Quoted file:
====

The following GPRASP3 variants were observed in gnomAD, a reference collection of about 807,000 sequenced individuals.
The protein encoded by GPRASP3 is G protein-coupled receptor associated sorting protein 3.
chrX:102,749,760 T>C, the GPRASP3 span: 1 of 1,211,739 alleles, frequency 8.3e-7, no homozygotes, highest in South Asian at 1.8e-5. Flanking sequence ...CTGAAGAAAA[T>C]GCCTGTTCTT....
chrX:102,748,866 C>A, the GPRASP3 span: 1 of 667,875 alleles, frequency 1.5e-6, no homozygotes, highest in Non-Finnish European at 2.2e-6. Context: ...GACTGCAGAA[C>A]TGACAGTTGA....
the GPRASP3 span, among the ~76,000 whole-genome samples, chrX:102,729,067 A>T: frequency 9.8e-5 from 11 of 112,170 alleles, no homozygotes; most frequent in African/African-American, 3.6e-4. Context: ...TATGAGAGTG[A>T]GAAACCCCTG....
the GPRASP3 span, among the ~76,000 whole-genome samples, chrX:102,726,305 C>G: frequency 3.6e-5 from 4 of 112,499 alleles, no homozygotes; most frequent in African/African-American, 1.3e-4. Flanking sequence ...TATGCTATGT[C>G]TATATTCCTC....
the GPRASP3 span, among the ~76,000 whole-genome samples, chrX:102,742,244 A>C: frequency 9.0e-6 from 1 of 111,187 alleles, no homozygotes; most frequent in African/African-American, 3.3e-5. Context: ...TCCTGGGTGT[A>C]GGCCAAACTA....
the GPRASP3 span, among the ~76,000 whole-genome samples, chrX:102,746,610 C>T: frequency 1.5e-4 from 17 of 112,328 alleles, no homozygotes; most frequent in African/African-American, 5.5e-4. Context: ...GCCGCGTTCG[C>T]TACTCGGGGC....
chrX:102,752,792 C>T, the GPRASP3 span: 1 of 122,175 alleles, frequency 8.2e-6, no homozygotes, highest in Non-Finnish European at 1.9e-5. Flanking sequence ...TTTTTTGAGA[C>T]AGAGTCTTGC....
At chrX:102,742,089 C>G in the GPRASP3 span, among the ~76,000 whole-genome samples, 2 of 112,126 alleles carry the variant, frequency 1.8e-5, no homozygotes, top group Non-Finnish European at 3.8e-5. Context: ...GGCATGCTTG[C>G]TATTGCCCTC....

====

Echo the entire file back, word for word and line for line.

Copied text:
The following GPRASP3 variants were observed in gnomAD, a reference collection of about 807,000 sequenced individuals.
The protein encoded by GPRASP3 is G protein-coupled receptor associated sorting protein 3.
chrX:102,749,760 T>C, the GPRASP3 span: 1 of 1,211,739 alleles, frequency 8.3e-7, no homozygotes, highest in South Asian at 1.8e-5. Flanking sequence ...CTGAAGAAAA[T>C]GCCTGTTCTT....
chrX:102,748,866 C>A, the GPRASP3 span: 1 of 667,875 alleles, frequency 1.5e-6, no homozygotes, highest in Non-Finnish European at 2.2e-6. Context: ...GACTGCAGAA[C>A]TGACAGTTGA....
the GPRASP3 span, among the ~76,000 whole-genome samples, chrX:102,729,067 A>T: frequency 9.8e-5 from 11 of 112,170 alleles, no homozygotes; most frequent in African/African-American, 3.6e-4. Context: ...TATGAGAGTG[A>T]GAAACCCCTG....
the GPRASP3 span, among the ~76,000 whole-genome samples, chrX:102,726,305 C>G: frequency 3.6e-5 from 4 of 112,499 alleles, no homozygotes; most frequent in African/African-American, 1.3e-4. Flanking sequence ...TATGCTATGT[C>G]TATATTCCTC....
the GPRASP3 span, among the ~76,000 whole-genome samples, chrX:102,742,244 A>C: frequency 9.0e-6 from 1 of 111,187 alleles, no homozygotes; most frequent in African/African-American, 3.3e-5. Context: ...TCCTGGGTGT[A>C]GGCCAAACTA....
the GPRASP3 span, among the ~76,000 whole-genome samples, chrX:102,746,610 C>T: frequency 1.5e-4 from 17 of 112,328 alleles, no homozygotes; most frequent in African/African-American, 5.5e-4. Context: ...GCCGCGTTCG[C>T]TACTCGGGGC....
chrX:102,752,792 C>T, the GPRASP3 span: 1 of 122,175 alleles, frequency 8.2e-6, no homozygotes, highest in Non-Finnish European at 1.9e-5. Flanking sequence ...TTTTTTGAGA[C>T]AGAGTCTTGC....
At chrX:102,742,089 C>G in the GPRASP3 span, among the ~76,000 whole-genome samples, 2 of 112,126 alleles carry the variant, frequency 1.8e-5, no homozygotes, top group Non-Finnish European at 3.8e-5. Context: ...GGCATGCTTG[C>G]TATTGCCCTC....